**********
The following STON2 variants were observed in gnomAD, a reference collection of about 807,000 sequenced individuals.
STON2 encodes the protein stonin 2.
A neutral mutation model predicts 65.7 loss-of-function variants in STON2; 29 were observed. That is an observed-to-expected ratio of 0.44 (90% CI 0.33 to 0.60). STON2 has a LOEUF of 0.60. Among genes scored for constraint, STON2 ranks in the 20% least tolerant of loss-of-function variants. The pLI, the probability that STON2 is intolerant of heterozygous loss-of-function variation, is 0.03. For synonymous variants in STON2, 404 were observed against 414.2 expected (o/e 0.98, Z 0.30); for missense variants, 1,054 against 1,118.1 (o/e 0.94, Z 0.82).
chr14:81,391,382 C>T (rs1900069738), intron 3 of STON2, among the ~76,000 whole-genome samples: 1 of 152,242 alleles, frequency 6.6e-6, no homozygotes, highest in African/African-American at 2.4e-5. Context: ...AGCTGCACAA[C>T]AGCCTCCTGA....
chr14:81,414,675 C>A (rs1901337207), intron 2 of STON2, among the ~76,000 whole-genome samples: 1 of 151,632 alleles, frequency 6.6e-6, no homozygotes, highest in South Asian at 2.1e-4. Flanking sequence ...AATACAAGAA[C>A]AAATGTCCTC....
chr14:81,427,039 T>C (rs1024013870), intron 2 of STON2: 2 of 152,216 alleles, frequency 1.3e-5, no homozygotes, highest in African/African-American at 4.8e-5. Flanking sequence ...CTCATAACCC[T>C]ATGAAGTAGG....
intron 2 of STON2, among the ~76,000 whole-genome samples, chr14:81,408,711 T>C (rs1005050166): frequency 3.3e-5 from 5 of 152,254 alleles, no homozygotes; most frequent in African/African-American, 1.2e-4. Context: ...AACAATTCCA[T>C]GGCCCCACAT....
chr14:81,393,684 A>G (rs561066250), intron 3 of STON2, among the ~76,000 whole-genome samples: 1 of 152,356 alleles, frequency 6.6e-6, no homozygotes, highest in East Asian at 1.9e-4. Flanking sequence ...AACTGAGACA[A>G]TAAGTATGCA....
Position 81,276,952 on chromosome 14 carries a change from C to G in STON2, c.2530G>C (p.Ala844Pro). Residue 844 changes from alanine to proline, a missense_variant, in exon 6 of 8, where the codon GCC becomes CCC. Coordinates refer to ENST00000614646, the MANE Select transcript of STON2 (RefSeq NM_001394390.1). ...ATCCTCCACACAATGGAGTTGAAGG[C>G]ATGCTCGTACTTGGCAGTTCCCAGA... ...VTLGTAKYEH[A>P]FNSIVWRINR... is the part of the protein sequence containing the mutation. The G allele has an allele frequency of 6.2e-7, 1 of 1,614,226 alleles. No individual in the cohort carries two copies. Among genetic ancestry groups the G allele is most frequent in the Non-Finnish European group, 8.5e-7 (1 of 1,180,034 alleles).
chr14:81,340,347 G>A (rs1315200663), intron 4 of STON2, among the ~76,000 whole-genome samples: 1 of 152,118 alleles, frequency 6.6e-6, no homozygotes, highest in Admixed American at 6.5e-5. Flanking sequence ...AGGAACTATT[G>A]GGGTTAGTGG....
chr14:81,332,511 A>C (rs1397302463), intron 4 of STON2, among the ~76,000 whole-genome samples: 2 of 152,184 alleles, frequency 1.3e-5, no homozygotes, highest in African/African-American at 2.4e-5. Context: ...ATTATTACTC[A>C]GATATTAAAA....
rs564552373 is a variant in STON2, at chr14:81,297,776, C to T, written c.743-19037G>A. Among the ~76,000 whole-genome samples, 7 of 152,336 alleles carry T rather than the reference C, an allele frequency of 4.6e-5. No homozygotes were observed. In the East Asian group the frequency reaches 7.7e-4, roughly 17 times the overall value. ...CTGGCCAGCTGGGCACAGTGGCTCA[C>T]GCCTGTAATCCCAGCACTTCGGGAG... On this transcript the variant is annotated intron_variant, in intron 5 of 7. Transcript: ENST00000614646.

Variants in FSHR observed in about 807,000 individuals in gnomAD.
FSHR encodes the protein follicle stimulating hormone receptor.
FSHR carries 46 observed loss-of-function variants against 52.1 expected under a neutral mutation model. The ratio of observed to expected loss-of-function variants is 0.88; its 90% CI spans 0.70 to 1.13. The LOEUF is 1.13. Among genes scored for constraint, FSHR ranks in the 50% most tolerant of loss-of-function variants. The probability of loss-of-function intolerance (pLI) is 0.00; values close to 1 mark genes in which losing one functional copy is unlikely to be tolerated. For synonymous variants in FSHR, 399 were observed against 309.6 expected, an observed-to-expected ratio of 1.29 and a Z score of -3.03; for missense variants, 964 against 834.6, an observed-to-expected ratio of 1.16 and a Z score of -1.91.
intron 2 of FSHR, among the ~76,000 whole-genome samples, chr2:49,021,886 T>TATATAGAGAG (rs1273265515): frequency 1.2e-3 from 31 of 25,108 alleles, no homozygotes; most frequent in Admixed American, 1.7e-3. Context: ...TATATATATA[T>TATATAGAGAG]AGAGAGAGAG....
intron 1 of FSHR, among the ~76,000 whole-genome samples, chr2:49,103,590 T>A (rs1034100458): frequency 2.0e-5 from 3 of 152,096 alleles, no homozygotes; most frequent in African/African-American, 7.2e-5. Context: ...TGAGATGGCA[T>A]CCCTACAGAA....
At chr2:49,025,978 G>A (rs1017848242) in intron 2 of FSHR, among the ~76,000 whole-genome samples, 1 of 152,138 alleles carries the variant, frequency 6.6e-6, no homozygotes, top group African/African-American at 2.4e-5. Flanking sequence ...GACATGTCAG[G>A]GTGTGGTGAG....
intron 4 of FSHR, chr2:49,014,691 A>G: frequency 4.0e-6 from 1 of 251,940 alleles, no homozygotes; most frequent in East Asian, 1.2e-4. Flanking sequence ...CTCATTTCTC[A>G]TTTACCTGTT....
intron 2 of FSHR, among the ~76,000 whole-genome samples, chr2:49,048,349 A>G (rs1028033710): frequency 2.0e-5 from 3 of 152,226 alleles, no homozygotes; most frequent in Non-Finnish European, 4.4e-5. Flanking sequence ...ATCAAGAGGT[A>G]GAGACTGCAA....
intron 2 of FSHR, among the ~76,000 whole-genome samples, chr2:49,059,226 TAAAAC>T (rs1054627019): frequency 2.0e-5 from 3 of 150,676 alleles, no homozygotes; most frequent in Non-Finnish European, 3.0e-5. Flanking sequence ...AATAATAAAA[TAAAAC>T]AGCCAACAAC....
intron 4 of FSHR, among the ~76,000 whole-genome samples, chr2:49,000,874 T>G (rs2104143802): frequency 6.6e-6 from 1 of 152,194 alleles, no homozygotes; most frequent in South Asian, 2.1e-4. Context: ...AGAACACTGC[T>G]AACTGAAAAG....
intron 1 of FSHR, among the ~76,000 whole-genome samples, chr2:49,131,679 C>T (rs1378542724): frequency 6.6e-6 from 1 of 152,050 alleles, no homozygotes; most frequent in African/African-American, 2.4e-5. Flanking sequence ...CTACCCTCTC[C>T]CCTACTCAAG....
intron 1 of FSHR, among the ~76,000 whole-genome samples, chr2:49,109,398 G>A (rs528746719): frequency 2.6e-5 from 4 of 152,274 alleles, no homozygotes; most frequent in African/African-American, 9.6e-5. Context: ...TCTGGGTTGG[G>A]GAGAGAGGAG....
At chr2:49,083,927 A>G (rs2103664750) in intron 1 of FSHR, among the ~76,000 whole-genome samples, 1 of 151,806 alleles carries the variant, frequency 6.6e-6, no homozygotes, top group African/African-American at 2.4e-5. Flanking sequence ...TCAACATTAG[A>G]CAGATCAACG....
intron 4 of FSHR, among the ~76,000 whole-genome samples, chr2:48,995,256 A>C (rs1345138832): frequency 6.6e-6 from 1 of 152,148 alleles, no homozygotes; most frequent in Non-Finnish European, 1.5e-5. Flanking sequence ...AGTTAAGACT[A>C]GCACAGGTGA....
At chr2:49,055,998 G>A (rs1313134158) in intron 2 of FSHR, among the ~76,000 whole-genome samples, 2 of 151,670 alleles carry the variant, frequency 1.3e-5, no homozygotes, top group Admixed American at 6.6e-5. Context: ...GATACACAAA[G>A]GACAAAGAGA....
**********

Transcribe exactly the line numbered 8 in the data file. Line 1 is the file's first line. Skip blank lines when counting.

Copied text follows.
chr14:81,393,684 A>G (rs561066250), intron 3 of STON2, among the ~76,000 whole-genome samples: 1 of 152,356 alleles, frequency 6.6e-6, no homozygotes, highest in East Asian at 1.9e-4. Flanking sequence ...AACTGAGACA[A>G]TAAGTATGCA....